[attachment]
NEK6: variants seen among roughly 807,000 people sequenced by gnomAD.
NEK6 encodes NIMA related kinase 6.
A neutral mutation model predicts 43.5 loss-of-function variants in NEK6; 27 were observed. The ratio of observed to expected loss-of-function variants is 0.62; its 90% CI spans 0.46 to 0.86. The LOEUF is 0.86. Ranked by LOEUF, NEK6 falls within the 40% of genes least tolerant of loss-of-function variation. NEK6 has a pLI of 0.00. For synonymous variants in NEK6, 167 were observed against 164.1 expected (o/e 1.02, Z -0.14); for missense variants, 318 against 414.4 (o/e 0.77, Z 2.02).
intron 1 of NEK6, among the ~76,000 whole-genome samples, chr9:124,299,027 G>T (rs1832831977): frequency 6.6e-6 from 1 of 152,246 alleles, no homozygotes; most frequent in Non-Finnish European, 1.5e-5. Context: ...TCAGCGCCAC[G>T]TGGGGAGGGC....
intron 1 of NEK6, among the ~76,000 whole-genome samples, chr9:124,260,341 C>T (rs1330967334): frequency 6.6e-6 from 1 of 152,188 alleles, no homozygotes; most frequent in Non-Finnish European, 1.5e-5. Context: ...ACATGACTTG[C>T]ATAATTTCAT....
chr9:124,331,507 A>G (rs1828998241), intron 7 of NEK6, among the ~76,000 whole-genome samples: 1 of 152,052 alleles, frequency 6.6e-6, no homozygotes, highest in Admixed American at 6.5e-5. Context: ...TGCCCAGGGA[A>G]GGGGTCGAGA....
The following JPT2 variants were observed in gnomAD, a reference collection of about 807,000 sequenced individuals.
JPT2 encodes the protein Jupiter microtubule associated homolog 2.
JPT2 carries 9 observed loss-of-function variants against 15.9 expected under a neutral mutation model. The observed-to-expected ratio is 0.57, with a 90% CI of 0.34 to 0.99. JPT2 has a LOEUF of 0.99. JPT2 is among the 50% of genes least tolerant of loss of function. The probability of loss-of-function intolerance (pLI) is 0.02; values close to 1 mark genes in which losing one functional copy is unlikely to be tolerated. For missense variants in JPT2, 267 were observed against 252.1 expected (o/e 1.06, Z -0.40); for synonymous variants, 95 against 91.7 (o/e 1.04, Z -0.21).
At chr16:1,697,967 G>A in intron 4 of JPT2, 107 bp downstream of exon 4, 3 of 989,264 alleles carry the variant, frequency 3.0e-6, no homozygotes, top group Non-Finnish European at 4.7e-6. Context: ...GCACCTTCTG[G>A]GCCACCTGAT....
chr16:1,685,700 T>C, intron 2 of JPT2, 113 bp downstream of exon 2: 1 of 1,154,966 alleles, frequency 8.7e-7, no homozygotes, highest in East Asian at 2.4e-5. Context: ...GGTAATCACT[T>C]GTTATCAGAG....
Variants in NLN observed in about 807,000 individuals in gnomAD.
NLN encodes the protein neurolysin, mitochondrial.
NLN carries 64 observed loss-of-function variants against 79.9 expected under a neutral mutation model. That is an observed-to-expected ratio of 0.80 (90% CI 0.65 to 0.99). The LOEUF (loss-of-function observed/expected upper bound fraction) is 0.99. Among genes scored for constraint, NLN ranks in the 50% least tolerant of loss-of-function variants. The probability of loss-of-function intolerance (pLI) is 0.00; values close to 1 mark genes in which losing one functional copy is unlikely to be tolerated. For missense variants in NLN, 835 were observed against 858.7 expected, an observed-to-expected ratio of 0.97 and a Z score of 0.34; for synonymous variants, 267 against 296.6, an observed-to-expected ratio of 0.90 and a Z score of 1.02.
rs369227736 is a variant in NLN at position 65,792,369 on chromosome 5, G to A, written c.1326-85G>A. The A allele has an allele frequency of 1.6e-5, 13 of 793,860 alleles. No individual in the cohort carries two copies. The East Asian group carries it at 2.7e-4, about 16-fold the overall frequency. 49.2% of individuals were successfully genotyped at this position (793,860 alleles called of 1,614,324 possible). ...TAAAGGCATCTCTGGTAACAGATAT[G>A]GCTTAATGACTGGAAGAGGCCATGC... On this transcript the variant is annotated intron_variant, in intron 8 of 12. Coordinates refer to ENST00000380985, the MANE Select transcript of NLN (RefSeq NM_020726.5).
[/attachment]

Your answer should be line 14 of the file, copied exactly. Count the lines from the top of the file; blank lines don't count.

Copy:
NLN carries 64 observed loss-of-function variants against 79.9 expected under a neutral mutation model. That is an observed-to-expected ratio of 0.80 (90% CI 0.65 to 0.99). The LOEUF (loss-of-function observed/expected upper bound fraction) is 0.99. Among genes scored for constraint, NLN ranks in the 50% least tolerant of loss-of-function variants. The probability of loss-of-function intolerance (pLI) is 0.00; values close to 1 mark genes in which losing one functional copy is unlikely to be tolerated. For missense variants in NLN, 835 were observed against 858.7 expected, an observed-to-expected ratio of 0.97 and a Z score of 0.34; for synonymous variants, 267 against 296.6, an observed-to-expected ratio of 0.90 and a Z score of 1.02.